It is a simple fact that many people have difficulty completely reading through piles of paperwork and/or electronic documents, even ones associated with their own employment. Consequently, employees often skim through and choose the first or second option they see when choosing benefits during enrollment. One in three employees say the open enrollment information they received did not help them understand the options available to them. Ensuring employees have the information they need, disseminated using varying mediums that can address employees’ specific needs will improve comprehension and is crucial to a company’s success in increasing ROI.


Additionally, most employees know little about the types of investments a company makes to procure benefits. Sharing how much your organization spends on benefits per employee and what, if any, enhancements your organization has made over the past year will likely improve satisfaction. Whether the changes were communicated effectively and whether employees value the new or expanded benefits should be measured to understand the return on investment. After communicating the make-up of their benefits, a successful company should take the next step to explain the reasons and benefits of…well, the benefits.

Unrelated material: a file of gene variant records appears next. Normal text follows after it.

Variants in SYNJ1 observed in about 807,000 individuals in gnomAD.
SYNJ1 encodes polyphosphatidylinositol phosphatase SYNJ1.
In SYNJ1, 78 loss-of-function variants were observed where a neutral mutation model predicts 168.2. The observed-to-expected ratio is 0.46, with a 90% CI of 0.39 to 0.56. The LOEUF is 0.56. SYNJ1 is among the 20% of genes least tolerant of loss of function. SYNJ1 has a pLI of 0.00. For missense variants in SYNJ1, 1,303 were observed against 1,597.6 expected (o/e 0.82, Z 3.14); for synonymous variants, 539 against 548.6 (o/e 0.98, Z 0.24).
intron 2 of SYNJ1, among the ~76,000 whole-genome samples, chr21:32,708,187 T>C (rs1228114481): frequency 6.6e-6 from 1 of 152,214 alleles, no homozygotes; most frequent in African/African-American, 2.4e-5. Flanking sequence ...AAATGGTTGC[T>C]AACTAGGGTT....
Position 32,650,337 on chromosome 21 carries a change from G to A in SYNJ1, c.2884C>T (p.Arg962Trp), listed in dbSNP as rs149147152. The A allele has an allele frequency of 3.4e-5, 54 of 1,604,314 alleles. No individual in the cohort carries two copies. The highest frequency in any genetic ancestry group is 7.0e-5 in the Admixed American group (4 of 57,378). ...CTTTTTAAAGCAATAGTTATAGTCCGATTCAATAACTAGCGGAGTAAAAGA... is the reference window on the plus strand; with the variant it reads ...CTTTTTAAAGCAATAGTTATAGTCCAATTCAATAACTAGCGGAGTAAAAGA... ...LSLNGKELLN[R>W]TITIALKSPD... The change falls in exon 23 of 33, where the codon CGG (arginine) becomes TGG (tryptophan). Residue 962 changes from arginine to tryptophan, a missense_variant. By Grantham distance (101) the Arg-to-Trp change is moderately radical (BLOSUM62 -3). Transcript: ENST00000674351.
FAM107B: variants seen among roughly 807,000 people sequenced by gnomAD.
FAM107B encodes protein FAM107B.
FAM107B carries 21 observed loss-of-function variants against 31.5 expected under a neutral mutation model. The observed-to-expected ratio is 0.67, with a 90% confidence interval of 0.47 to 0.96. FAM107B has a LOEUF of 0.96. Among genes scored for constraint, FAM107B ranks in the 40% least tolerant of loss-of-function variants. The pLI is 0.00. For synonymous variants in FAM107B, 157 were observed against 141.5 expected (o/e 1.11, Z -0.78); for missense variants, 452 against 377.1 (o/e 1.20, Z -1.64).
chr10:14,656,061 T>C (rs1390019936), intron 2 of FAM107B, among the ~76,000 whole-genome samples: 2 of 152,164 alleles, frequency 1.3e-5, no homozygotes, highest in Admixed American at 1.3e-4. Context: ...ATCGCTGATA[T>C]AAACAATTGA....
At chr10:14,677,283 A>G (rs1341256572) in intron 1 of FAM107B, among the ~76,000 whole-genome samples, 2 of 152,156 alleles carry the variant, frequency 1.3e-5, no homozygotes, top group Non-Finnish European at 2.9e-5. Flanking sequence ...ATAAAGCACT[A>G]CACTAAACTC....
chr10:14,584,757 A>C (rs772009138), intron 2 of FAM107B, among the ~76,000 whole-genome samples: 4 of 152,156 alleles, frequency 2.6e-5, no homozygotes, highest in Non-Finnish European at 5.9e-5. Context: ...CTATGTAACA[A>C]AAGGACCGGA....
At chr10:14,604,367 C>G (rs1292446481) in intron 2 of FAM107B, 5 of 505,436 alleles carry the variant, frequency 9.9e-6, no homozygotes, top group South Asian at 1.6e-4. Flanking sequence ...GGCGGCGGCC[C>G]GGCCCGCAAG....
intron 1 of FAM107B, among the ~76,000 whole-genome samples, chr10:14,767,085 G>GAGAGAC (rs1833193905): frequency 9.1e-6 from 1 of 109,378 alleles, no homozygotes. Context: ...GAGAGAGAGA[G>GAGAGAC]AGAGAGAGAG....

Tools bring transformation


Communication and knowledge are good building blocks, but tools bring real transformation. In our instant-gratification age, employees want quick and convenient inputs while getting the best outcome. Our study shows 34% of employees have shared that their company’s benefits enrollment site is difficult to use. Strategically implementing tools and resources for user-friendly experiences can increase your return on investment dramatically.




Next steps


Overall, employees increasingly feel that their voices are not being heard when it comes to benefit plans. By administering surveys, a company can efficiently gain data that will help steer their benefit enrollment process toward success. Improving the value of your benefits to employees will improve both employee engagement and retention. When will you decide to make the decision that could transform your company from great to greater?